Keep Calm and Regulate On(line)?

Emotion regulation in online contexts and links to mental health and wellbeing

A growing body of research indicates that social media use may be contributing to young people’s poor mental health around the world. However, given the ubiquity of social media apps and their extensive integration into daily life, it is not viable to ask a young person to completely abstain from social media. Rather, a more pragmatic approach is to examine psychological risk factors associated with social media use that might predispose some individuals to be at greater risk for experiencing poor mental health in the first place.

This pre-conference will focus on the experience and regulation of emotions in online contexts (including social media apps) and attendant effects on mental health and wellbeing among youth and young adults. Specifically, the first talk will discuss neural correlates of emotion regulation, as measured by EEG, and links to adolescents’ preference for online (versus in-person) social interactions and social anxiety symptoms. The second talk will highlight the importance of young people’s exposure to fast-paced content on social media and downstream impacts on mental health and wellbeing. The third talk demonstrates how machine learning methods can be applied to people’s music preferences on Spotify to establish digital “traces” of risk factors for depression and aid in early detection and prevention efforts for depression and other conditions. Collectively, the findings featured in this pre-conference represent a promising and timely new avenue for the study of emotion regulation and the field of affective science more broadly.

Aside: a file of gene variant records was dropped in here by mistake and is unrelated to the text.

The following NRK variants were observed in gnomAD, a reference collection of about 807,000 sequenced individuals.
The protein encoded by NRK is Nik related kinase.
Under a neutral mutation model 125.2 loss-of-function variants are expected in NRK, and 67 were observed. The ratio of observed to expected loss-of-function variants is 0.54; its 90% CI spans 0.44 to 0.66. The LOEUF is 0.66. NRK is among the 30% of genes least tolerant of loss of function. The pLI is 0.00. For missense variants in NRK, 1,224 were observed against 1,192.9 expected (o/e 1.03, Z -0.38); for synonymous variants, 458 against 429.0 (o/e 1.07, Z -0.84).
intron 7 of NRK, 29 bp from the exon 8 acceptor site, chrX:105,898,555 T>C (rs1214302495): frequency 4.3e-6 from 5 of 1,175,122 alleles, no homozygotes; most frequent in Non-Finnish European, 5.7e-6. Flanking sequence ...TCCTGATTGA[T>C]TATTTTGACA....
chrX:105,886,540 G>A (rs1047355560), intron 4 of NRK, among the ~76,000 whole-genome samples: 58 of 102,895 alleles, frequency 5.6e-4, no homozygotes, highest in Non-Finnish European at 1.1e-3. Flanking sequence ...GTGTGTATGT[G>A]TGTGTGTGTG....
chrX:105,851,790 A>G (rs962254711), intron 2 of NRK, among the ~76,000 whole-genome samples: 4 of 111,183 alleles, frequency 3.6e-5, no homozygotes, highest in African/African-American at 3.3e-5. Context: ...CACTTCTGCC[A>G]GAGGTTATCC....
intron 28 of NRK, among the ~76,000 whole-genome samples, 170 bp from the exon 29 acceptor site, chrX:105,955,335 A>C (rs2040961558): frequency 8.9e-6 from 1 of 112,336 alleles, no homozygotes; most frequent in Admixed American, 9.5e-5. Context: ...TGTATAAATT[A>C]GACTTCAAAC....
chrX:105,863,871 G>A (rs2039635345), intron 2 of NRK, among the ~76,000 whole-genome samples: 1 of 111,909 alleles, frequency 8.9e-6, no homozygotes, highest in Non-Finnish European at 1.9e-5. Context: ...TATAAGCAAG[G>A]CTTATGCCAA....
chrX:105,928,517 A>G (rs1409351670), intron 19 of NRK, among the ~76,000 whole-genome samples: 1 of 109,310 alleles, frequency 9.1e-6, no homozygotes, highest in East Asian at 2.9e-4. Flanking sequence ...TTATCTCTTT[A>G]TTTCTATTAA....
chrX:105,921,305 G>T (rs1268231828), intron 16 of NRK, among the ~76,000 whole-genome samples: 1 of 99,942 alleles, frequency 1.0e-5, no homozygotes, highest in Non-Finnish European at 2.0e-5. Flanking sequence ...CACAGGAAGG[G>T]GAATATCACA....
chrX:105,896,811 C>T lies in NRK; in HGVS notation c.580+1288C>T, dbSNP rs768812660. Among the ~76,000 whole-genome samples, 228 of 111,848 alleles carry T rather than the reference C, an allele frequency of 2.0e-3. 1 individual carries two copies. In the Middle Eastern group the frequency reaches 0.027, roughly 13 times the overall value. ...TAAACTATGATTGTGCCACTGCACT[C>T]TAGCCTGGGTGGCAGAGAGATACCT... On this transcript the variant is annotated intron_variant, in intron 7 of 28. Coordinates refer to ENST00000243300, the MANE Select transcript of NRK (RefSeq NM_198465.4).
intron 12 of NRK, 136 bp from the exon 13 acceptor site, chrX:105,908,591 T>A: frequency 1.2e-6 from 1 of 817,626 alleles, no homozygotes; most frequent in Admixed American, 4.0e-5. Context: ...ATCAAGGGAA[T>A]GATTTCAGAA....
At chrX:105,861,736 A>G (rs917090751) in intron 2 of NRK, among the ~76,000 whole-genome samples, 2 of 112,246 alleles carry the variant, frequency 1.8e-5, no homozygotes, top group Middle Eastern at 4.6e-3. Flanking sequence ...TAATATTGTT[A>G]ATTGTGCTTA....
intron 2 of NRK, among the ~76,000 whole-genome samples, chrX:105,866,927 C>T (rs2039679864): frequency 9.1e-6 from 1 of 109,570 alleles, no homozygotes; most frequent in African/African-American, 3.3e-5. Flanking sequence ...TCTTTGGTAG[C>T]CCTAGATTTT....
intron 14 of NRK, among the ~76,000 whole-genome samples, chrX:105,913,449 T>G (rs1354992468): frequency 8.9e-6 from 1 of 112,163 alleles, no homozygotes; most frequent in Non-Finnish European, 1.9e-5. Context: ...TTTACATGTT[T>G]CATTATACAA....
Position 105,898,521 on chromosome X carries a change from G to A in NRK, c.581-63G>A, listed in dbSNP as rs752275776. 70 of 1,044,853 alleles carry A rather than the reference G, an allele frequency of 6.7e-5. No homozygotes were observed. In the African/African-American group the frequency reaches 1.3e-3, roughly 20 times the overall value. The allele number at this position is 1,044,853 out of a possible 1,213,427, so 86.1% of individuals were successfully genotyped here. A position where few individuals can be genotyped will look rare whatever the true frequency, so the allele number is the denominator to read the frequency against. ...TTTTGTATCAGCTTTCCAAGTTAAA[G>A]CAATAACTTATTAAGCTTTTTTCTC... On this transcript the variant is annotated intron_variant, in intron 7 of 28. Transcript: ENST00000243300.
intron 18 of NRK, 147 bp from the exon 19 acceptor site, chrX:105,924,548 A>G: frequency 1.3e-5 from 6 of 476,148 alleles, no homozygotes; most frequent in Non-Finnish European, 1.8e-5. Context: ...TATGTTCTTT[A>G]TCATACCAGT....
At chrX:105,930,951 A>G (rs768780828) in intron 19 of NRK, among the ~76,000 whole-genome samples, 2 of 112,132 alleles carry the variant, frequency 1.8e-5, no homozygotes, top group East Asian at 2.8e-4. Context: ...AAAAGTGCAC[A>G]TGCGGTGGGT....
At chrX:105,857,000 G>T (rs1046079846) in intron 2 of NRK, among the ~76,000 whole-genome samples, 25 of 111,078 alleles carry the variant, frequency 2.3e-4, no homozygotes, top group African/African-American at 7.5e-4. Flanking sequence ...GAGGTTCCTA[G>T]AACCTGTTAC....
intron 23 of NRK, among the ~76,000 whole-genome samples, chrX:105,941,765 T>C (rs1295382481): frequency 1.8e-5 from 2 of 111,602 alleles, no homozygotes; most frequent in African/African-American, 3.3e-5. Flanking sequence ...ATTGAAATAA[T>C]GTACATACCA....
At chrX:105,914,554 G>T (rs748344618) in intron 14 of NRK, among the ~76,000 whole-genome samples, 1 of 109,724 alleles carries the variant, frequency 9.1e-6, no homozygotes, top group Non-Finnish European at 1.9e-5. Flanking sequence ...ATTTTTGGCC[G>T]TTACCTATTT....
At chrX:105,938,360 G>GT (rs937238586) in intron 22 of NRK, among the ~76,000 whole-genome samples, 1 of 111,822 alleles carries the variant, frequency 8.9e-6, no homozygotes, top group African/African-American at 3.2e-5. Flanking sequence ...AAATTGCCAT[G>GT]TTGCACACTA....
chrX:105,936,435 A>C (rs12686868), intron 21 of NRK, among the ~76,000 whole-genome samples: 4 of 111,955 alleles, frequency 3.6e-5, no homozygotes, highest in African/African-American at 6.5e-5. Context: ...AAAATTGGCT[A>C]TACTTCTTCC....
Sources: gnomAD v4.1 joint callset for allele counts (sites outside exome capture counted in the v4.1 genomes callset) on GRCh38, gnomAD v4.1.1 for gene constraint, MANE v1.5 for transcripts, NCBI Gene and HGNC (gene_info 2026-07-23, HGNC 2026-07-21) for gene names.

In addition to the above-mentioned talks, the pre-conference will also feature a series of data blitz presentations by trainees and early career researchers (see below for submission instructions). The event will conclude with a panel-style Q&A and to promote further discussion, professional networking, and potential research collaborations.


  • Richard Lopez (Worcester Polytechnic Institute)
  • Sarah Myruski (The Pennsylvania State University)

Confirmed Speakers

  • Prof. Richard Lopez (Worcester Polytechnic Institute)
  • Prof. Sarah Myruski (The Pennsylvania State University)

Information and Agenda

Submission for data blitz presentations should include a presentation title, all contributing authors and their affiliations, and a 250-word abstract. Please submit your abstract as a PDF or MS Word file via email to: and

  • Submission deadline: 15 May
  • Notification of acceptance: 31 May

Stay tuned for a detailed itinerary (will be linked to here).